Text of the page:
Typically, you’ll have presentations and panels from working data scientists networking opportunities with alumni and then there also some pretty cool side things usually. For example, we got to go on the field at Notre Dame Stadium in August, and we got a tour of AT&T Stadium in Dallas last month so there’s also the fun aspects of it.

Can you Still Maintain Work/School/Life Balance?


There’s plenty of time and resources for you to execute the content and in a way that you want to do it. Some people are really auditory learners and they can either go through the asynchronous material on their own, read, watch the videos and just listen and can move through it very quickly.

But I am a major note-taker so I like to handwrite notes and it’s one of those things where I learn by the physical act of writing and that helps me. It takes me longer to get through the same content as it would some who executes it differently but there’s still time for everyone.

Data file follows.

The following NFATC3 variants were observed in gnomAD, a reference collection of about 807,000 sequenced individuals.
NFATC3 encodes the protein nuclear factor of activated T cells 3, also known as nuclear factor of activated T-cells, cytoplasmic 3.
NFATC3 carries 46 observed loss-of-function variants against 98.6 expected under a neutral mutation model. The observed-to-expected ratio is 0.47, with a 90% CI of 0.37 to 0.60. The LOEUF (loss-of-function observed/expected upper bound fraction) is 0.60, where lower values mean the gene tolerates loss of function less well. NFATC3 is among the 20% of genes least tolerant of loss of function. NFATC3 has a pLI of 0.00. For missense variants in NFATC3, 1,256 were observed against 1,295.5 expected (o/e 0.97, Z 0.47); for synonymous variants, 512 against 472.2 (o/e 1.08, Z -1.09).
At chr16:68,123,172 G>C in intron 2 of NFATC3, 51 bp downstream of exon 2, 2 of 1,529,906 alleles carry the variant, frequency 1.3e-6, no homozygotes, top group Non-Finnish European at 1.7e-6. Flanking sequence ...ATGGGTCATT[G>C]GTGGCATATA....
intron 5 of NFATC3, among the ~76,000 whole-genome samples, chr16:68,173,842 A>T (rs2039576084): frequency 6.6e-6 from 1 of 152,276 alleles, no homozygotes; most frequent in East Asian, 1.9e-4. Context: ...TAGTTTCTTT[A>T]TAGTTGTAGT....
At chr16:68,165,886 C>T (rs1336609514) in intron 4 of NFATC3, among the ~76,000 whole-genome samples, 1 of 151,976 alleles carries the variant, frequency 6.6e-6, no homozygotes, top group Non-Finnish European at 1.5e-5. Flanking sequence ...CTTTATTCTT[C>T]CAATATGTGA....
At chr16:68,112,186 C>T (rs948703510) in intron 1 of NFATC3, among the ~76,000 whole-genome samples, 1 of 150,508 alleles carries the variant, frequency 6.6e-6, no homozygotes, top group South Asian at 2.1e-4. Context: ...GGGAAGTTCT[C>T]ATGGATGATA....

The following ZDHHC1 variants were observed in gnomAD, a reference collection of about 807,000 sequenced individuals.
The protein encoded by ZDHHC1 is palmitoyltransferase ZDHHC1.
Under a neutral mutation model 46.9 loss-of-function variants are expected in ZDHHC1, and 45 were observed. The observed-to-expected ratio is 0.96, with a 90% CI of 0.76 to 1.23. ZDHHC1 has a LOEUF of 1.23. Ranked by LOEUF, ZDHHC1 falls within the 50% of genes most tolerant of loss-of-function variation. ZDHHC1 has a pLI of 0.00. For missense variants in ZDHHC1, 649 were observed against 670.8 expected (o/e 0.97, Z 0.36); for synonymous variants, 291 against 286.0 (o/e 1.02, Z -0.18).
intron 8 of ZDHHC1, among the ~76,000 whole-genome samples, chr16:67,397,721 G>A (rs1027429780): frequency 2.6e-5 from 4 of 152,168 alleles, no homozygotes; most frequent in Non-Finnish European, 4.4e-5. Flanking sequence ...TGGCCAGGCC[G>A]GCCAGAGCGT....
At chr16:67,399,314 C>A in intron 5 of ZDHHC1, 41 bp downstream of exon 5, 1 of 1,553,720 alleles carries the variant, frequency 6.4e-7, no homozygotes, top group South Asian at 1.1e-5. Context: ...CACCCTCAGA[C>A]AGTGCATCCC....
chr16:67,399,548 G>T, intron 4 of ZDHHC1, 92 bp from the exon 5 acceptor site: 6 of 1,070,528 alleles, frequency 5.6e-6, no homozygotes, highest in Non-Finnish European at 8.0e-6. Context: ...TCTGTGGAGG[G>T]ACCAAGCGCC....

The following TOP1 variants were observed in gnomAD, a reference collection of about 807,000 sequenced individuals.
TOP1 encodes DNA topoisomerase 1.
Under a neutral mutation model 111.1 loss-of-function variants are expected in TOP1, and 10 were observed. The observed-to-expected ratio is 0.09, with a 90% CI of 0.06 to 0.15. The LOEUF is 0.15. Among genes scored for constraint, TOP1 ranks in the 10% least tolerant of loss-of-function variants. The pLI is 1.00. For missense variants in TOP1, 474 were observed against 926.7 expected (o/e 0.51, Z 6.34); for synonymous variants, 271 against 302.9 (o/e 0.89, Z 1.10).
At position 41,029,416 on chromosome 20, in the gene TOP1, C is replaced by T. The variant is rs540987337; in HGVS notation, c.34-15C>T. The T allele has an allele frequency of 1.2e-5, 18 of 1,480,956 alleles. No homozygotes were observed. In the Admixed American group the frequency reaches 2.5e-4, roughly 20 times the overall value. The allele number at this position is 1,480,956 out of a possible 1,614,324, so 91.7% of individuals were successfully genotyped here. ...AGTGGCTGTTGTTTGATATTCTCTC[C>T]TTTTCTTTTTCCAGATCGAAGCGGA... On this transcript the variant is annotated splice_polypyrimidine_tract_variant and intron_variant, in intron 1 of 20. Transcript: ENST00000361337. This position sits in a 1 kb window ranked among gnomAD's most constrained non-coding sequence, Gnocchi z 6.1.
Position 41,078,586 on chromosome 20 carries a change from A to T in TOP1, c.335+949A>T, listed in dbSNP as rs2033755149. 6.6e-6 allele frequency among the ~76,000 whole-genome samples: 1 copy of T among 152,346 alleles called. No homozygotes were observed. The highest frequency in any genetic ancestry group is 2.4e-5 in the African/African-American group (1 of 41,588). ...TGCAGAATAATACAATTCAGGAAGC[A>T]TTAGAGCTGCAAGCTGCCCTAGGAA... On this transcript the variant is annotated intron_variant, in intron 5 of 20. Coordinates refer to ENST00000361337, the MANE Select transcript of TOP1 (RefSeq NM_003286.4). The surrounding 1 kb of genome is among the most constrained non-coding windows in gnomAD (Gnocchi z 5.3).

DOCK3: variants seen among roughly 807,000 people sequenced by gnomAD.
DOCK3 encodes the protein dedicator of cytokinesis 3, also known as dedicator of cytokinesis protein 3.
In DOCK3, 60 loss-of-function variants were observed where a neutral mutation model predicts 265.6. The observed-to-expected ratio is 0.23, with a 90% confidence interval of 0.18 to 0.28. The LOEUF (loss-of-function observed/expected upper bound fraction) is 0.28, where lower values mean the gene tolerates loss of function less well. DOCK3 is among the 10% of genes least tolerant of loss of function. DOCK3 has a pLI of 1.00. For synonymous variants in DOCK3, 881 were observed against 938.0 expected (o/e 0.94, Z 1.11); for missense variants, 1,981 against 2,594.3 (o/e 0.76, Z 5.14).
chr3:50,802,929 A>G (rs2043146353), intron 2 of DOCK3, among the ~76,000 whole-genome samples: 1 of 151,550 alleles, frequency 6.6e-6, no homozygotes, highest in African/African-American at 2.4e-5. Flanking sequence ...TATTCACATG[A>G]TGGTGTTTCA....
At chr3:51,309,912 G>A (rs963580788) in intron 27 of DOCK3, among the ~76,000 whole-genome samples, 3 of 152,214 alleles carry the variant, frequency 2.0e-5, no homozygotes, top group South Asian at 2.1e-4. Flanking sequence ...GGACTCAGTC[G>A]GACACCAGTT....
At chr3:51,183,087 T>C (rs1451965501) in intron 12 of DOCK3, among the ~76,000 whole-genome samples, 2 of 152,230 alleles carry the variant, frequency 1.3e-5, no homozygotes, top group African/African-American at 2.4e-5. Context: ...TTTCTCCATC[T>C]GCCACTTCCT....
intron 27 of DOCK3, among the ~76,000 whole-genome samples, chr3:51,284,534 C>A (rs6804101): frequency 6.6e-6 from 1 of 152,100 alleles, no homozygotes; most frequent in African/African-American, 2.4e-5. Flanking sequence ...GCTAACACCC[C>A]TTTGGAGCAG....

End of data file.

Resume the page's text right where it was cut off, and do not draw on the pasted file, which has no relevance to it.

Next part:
I know some people have very set schedules and they’ve worked it out with themselves: “On Tuesday nights I do the asynchronous content for class. On Thursday nights you know I do this that or the other thing.” They have it very well worked out and they’re very good at sticking to their schedule.

The key point being, however it works best for you, there are ways to make it work well and still have time for other important things.

Why did you choose Notre Dame?


There were a few things that drew me to Notre Dame.

1) I like the idea of being a part of a cohort and a class that I was going to stick with throughout the program. I’ve taken a couple of online education courses that were required of me in my teaching career and they were pretty miserable. It’s a group of people who don’t know each other going in and we didn’t know each other coming out. In this program, I liked the idea of having the same sort of sense of togetherness and being a part of a program that I had in my previous grad school experience in physics.